Sneak peek: Innovative craft cocktails, dim sum bites and Asian-inspired desserts at Viridian in Oakland

Co-owner Will Tsui behind the bar at Viridian in Uptown Oakland. Photo: Sarah Han

Last week, Nosh was invited to preview soon-to-open Viridian, a bar coming to Oakland’s Uptown. This addition to the local cocktail scene leans heavily on California’s seasonal bounty and draws from the backgrounds of its talented team: William Tsui (Lazy Bear, Rich Table), Raymond Gee (Noodle Theory Provisions, Hakkasan SF), Jeremy Chiu (Shinmai, Mina Group), Alison Kwan (Lazy Bear, True Laurel, Moongate Lounge), Amanda Hoang (20th Century Café, Bird Dog) and Alice Kim (Lazy Bear). The co-owners, bar director Tsui and operations manager Gee, grew up in Oakland. Now, the childhood friends are delighted to open an establishment back in the Town.

At the time of the preview, the space hadn’t yet achieved its final look, but we got a sense of the color scheme and design concepts that Viridian owners and designers are going for: Colorful neon and hanging lights accent the stylish environment which aims to represent the concept of innovative fun. When the bar opens Feb. 4, the look will be complete with artwork, sculptures and plenty more dazzling neon. The room is long, with a 16-seat bar, a number of tables with high stools along the opposite wall and another shorter bar in the lounge area.

Viridian general manager Alison Kwan pours glasses of the Golden Triangle.
General manager Alison Kwan pours glasses of the Golden Triangle, Viridian’s version of a White Negroni. Photo: Risa Nye

We tasted a curated selection of drinks and desserts throughout the night that would give a sense of how Viridian will set itself apart from other area bars. We started with the Golden Triangle, a cocktail made with Bombay Sapphire gin, yellow beet, Grand Poppy (a complex amaro made partly from California poppies by LA’s Greenbar distillery) and Suze (a bitter liqueur made from the roots of the herb gentian, which grows in the mountains of Switzerland and France). Kwan, Viridian’s general manager, and Tsui — who were both bartending that night — called this one a twist on a White Negroni.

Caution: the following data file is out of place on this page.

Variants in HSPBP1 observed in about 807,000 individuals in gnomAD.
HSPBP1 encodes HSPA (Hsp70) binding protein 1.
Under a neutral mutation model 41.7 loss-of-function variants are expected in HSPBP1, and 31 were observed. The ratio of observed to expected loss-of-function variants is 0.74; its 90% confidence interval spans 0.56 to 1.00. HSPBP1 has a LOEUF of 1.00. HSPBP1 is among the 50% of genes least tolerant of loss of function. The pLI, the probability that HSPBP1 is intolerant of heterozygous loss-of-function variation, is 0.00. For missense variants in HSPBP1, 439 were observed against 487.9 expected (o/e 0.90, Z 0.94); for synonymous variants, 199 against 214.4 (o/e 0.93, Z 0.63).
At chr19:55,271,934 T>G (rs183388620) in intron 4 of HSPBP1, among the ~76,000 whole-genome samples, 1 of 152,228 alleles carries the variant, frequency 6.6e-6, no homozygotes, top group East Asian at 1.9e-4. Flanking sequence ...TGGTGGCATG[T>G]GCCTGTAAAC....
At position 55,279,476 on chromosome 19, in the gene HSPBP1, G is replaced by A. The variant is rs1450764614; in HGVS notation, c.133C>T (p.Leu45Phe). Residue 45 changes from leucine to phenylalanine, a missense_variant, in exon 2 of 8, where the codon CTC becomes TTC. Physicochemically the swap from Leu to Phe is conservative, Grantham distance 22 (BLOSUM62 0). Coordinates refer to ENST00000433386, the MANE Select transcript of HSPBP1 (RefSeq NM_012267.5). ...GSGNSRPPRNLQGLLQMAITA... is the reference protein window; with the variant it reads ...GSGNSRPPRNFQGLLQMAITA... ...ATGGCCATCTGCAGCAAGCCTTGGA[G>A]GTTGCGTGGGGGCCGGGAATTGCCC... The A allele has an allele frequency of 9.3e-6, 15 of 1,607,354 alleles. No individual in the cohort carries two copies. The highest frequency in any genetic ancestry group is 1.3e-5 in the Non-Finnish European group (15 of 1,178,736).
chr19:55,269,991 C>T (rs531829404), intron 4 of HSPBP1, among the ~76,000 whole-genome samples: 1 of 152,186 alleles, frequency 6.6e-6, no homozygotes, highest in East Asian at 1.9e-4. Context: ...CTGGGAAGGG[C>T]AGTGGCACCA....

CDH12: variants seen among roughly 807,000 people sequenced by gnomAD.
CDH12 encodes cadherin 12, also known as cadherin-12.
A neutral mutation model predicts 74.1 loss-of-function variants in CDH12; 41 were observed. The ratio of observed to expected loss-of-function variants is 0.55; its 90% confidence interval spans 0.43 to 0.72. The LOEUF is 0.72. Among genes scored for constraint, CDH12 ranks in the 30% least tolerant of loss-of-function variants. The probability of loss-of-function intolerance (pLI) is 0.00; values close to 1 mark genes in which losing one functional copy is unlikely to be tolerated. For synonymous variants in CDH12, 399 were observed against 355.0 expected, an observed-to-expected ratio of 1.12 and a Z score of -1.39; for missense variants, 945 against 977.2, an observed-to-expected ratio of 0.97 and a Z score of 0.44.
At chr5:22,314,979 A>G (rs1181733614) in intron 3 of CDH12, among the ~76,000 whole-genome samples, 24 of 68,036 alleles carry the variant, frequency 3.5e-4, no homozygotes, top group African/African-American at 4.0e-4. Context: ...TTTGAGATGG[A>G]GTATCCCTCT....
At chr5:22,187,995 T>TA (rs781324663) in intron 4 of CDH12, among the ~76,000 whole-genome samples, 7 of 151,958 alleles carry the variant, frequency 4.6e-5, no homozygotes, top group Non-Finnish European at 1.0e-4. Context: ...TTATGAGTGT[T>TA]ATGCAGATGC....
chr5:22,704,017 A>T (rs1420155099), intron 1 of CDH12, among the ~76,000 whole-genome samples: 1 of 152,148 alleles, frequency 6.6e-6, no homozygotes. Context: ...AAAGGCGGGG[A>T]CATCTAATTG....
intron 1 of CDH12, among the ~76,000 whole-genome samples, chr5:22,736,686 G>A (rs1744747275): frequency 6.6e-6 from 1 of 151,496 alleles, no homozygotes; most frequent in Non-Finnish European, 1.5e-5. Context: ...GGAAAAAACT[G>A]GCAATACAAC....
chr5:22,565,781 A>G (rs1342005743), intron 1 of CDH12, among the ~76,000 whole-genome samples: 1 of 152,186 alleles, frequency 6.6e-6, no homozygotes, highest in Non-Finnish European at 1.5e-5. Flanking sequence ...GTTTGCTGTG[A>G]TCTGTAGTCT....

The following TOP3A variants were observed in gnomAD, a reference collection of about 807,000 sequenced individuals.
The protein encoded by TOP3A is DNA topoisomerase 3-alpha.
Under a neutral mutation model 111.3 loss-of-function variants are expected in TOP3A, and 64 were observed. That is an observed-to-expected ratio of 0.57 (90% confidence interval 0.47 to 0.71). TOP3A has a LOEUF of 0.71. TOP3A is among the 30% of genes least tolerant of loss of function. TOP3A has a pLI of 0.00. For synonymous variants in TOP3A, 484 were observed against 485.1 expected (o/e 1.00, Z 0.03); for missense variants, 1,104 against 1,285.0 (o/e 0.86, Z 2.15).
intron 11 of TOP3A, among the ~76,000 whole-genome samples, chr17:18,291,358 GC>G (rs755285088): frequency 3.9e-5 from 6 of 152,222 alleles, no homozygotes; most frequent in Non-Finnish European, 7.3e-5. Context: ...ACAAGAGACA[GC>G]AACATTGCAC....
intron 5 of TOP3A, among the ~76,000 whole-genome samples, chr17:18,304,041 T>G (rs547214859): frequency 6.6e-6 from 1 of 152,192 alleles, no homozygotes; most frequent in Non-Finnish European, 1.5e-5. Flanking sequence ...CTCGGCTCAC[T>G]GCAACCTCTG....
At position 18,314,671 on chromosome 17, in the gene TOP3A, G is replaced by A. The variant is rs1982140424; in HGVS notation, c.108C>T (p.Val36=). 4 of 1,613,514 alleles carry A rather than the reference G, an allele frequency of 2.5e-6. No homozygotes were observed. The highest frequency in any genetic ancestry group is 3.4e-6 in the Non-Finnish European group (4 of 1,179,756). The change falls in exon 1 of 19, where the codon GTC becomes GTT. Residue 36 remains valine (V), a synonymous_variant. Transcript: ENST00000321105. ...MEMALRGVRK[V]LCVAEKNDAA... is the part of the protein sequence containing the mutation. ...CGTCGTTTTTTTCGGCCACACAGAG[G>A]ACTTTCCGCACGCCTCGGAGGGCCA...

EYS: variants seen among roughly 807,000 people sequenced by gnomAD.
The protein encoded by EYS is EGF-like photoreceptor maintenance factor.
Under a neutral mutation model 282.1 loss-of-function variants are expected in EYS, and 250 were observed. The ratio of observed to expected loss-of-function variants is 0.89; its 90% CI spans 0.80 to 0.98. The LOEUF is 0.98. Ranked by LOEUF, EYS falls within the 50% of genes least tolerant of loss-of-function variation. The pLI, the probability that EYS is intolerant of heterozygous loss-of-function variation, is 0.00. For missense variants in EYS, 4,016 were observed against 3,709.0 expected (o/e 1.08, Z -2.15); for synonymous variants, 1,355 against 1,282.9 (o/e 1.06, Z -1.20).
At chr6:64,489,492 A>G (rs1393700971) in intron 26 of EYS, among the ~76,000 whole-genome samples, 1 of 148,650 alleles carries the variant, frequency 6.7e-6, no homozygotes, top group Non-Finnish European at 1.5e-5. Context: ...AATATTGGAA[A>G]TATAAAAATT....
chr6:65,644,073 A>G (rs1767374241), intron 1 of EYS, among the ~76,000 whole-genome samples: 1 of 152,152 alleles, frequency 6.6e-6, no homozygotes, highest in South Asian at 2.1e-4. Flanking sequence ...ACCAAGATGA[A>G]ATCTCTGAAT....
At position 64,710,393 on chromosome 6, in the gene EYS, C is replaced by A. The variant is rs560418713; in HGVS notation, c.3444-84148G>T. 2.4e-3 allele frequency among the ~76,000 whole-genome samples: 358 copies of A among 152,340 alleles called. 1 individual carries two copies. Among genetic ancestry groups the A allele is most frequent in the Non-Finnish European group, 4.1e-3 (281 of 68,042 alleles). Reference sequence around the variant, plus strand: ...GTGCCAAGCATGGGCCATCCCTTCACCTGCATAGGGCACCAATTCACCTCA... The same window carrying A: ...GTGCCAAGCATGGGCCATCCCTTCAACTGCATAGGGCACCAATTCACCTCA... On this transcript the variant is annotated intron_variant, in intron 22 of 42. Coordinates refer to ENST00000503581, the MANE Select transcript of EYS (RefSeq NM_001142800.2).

While the Tomato Beef is not quite a trompe l’oeil, the drink is not tomato red, but absolutely clear. It’s made with Don Julio Blanco tequila, basil eau de vie, tomato water and “not lime.” Making the tomato water is an overnight process, resulting in a clear liquid that is unmistakably tomato flavored. The combination of tomato and basil captures the fresh flavor of a summer salad. And where’s the beef, one may ask? The subtle infusion of richness comes from tallow-washed tequila. The “not lime” is a combination of other acids that substitute for the citrus fruit. Keeping in mind the cost of limes these days, Tsui and Kwan came up with a solution that works without sacrificing the flavor profile.


Viridian’s Honey Walnut Ron is made with Ron Zacapa 23 rum, blood orange, walnut orgeat, vanilla and Oakland honey. This was perfectly paired with a blood orange and vanilla bean semifreddo, reminiscent of childhood favorite frozen desserts Push-Up Pops or Creamsicles, but visually stunning and delicious.

We were also treated to an offering from Viridian’s wine list: Johannes Zillinger’s Revolution White Solera Blend, an organic wine from Austria. The list is curated by master sommelier Andrey Ivanov, who’s chosen to feature wineries that all use sustainable practices. Wines by the glass, draft beer and a selection of bottled beers will be available, as will “temperance drinks.”

Viridian’s bar bites are a step above and beyond typical “grab and gulp” offerings found elsewhere; they are classified as “dim sum and delectables,” including a selection of desserts distinguished by both their artistic presentation and the unique blending of flavors, all inspired by the Asian-American backgrounds and experience of the Viridian team. We were offered Thai Tea Tiramisu (mascarpone, caramelized milk and roasted peanuts), Chili Garlic Milk Bun, served with jade-green charred scallion and ginger butter; and the delicate Rum Po Tat, executive chef Amanda Hoang and consulting chef Alice Kim’s take on this classic Portuguese egg tart: soft egg custard nestled in a flaky, buttery pastry.

According to Tsui, all the bites and the desserts are designed to be shared. (Sharing is nice, but it’s hard with dessert.) The full dim sum menu includes BBQ pork in a steamed milk bun, and salt and pepper chicken “nuggets.” Prices for bites range from $6-$11; all cocktails are $13.


To ensure these skillfully made desserts get their due, Viridian’s cocktails veer away from the sweet and lean toward the savory and botanical. Tsui mentioned using shio koji (a Japanese seasoning made from malted rice, salt and water), which enhances the umami notes of the cocktails. The menus will change seasonally, he said. But rather than creating an entirely new menu each time, some items will fall off and then come back, almost in real time.

When asked about his expectations for a restaurant in his hometown of Oakland, Tsui said he and the team want to forge partnerships and support local charitable organizations once they are up and running. Oakland, he said, is more “down to earth and not as plagued by trends” as other places. With Viridian, Tsui wants to perpetuate the great culture that already exists in the Town.

Viridian will be open 4-midnight, Monday-Thursday; 4 p.m. until late (kitchen closes at midnight), Friday and Saturday.